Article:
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Snowpack Deficit

Posted by Christina B. Farnsworth

Mar 6, 2014 1:44:00 PM

As many dig out again after a another winter snow punch, it is hard to believe that there has been less snow in the mountains. Less snow means less water in Spring as less snow melts and flows downhill to feed rivers. It also mean that to maintain a ski industry, places like Jiminy Peak Mountain Resort, Hancock, Mass., have to make their own snow.

A segment on CBS This Morning showcased the $4 million dollar wind mill that Jiminy Peak has installed to cut down on the cost of energy needed to make snow.


As CBS This Morning host Charlie Rose pointed out, the Sochi Olympics suffered some of “the most extreme weather of any Winter Games.” The world watched as athletes faced slushy snow, manufactured snow, temperatures in the 60s and even fog. Rose said, “Research predicts that [such weather extremes] could become the new reality at ski resorts around the world.”

The program featured Porter Fox, author of Deep: The Story of Skiing and the Future of Snow. Fox, an avid skier since the age of two, “believes winter sports could be doomed...We’ve lost a million square miles of snow cover in the Spring in the last 47 years.” Based on research, he concludes that “half of the 103 resorts in the Northeast will likely not be able to stay open, and that’s in the next 30 years, which is pretty shocking.”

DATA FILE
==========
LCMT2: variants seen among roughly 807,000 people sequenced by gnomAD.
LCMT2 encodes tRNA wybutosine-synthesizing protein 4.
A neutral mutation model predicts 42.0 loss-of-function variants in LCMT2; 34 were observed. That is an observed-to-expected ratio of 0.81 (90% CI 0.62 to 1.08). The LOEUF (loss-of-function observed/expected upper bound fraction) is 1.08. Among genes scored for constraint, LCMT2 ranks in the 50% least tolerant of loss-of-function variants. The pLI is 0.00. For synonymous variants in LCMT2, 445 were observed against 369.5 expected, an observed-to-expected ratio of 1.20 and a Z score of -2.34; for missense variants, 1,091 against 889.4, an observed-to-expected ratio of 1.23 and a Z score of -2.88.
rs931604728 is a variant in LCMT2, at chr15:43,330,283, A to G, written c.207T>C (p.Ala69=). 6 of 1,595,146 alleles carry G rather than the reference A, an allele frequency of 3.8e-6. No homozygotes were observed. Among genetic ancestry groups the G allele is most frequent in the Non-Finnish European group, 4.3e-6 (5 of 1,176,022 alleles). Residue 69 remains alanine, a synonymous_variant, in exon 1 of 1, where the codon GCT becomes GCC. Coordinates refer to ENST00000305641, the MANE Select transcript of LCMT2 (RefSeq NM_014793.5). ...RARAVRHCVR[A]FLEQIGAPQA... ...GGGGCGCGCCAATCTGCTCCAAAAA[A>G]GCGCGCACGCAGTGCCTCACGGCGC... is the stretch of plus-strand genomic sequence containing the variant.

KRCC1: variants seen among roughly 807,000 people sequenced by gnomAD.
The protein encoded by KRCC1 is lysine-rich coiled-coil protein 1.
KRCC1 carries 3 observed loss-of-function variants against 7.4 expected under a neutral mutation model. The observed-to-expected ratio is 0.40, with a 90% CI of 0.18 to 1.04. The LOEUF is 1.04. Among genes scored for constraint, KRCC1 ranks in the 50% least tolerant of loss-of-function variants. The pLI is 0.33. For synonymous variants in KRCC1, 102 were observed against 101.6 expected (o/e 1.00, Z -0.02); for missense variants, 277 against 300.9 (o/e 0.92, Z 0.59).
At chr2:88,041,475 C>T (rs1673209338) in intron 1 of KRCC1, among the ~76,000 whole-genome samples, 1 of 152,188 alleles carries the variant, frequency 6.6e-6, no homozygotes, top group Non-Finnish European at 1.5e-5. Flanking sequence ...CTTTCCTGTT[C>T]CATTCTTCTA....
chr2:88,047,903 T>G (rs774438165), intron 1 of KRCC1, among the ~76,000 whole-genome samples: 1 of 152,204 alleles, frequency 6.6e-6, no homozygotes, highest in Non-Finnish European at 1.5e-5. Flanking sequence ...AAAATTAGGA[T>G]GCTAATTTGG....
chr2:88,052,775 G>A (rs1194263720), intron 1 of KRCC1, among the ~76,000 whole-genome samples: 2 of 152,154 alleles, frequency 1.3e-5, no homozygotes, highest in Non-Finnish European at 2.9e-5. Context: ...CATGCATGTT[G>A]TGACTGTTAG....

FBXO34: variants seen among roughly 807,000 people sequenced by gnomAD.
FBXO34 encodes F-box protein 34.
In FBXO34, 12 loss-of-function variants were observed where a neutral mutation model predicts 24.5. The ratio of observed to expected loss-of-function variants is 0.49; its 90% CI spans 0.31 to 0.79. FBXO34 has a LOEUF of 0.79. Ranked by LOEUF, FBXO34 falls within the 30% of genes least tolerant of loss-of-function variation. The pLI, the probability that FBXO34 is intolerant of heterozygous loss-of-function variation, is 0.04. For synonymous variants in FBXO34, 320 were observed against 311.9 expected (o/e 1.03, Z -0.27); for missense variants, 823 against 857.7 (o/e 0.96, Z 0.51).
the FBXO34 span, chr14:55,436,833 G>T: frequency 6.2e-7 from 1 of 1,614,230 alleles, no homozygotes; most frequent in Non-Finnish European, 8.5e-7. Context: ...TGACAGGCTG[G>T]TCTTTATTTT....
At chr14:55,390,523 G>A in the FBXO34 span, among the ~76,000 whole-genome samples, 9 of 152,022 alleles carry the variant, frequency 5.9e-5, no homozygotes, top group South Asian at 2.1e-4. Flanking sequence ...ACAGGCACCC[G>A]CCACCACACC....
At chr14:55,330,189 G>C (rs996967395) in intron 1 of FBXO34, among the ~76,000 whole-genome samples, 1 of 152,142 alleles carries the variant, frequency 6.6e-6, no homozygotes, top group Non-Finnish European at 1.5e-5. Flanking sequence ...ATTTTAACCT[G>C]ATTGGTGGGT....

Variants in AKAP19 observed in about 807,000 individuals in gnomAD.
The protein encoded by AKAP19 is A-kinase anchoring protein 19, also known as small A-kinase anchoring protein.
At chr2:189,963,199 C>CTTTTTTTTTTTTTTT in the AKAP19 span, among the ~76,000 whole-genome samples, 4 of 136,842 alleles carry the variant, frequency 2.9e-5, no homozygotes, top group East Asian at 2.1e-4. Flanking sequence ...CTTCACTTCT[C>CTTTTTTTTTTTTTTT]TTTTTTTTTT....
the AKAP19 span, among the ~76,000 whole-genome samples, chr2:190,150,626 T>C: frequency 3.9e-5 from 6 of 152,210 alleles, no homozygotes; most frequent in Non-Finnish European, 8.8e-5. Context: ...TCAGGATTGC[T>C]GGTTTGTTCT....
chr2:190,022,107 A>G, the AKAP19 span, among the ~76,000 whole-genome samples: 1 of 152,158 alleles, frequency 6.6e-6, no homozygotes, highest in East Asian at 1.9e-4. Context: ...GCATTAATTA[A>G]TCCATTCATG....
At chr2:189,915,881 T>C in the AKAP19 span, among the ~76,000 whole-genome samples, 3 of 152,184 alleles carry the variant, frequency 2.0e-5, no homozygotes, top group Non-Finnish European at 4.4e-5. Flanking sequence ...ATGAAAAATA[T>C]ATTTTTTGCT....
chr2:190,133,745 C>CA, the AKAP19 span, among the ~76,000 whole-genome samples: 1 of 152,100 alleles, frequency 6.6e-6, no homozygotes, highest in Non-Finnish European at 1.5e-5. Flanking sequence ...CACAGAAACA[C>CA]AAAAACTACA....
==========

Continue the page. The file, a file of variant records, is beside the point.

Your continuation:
In Tucson, Ariz., the location of Vision House Tucson, the nearby Mount Lemmon Ski Resort has yet to open. There is some snow on the ground, but not enough to ski upon.

According to the National Oceanic and Atmospheric Administration (NOAA) snow cover on land in June on the earth’s Northern Hemisphere “has been decreasing at a rate of nearly 20 percent per decade since 1979.” Lack of snow, as Fox points out is a “very unique form of water shortage. Around the world, a billion people depend on snow melt for their freshwater supply.” That’s true of India and its Ganges River, China and its Yangtze River, and here in the United States with the Colorado.

Jiminy Peak Mountain Resort makes almost 90 percent of the snow needed for skiing. Tyler Fairbank, Jiminy Peak’s CEO, says, “It was something that no one had ever done before, and it has been an absolute home run for us.”

Even so, one needs access to water through rain or river to consistently make snow. Mount Lemmon, on the other hand, does not get enough precipitation or have access to enough water to economically make snow—for Mount Lemmon Ski Resort, it’s a waiting game.

Porter says, “Glaciers in Europe, Alpine glaciers, they’ve lost half their volume, and that’s in the last 150 years … There’s a chain reaction that happens when snow disappears that’s really devastating to everyone living downstream.”

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